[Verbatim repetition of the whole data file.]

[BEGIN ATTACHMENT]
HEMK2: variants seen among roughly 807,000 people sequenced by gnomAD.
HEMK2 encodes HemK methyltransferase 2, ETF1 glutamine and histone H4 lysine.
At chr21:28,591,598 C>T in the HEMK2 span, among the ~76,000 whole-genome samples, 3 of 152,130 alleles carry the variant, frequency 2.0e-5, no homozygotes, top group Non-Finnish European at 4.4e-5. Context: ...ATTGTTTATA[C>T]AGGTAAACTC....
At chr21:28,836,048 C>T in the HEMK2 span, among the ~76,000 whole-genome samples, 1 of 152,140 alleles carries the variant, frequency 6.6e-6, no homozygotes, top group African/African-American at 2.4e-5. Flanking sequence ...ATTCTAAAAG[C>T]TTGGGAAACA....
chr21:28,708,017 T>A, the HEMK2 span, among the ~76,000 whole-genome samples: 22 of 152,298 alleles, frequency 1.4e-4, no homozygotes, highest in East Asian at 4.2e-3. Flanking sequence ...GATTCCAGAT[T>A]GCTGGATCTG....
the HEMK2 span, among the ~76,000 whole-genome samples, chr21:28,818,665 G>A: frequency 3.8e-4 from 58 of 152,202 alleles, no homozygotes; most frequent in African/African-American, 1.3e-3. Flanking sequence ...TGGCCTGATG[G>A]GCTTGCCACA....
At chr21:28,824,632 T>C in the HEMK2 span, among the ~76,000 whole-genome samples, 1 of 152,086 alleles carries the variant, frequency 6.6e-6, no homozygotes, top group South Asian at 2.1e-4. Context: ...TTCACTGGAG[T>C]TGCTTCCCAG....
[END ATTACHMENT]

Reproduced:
HEMK2: variants seen among roughly 807,000 people sequenced by gnomAD.
HEMK2 encodes HemK methyltransferase 2, ETF1 glutamine and histone H4 lysine.
At chr21:28,591,598 C>T in the HEMK2 span, among the ~76,000 whole-genome samples, 3 of 152,130 alleles carry the variant, frequency 2.0e-5, no homozygotes, top group Non-Finnish European at 4.4e-5. Context: ...ATTGTTTATA[C>T]AGGTAAACTC....
At chr21:28,836,048 C>T in the HEMK2 span, among the ~76,000 whole-genome samples, 1 of 152,140 alleles carries the variant, frequency 6.6e-6, no homozygotes, top group African/African-American at 2.4e-5. Flanking sequence ...ATTCTAAAAG[C>T]TTGGGAAACA....
chr21:28,708,017 T>A, the HEMK2 span, among the ~76,000 whole-genome samples: 22 of 152,298 alleles, frequency 1.4e-4, no homozygotes, highest in East Asian at 4.2e-3. Flanking sequence ...GATTCCAGAT[T>A]GCTGGATCTG....
the HEMK2 span, among the ~76,000 whole-genome samples, chr21:28,818,665 G>A: frequency 3.8e-4 from 58 of 152,202 alleles, no homozygotes; most frequent in African/African-American, 1.3e-3. Flanking sequence ...TGGCCTGATG[G>A]GCTTGCCACA....
At chr21:28,824,632 T>C in the HEMK2 span, among the ~76,000 whole-genome samples, 1 of 152,086 alleles carries the variant, frequency 6.6e-6, no homozygotes, top group South Asian at 2.1e-4. Context: ...TTCACTGGAG[T>C]TGCTTCCCAG....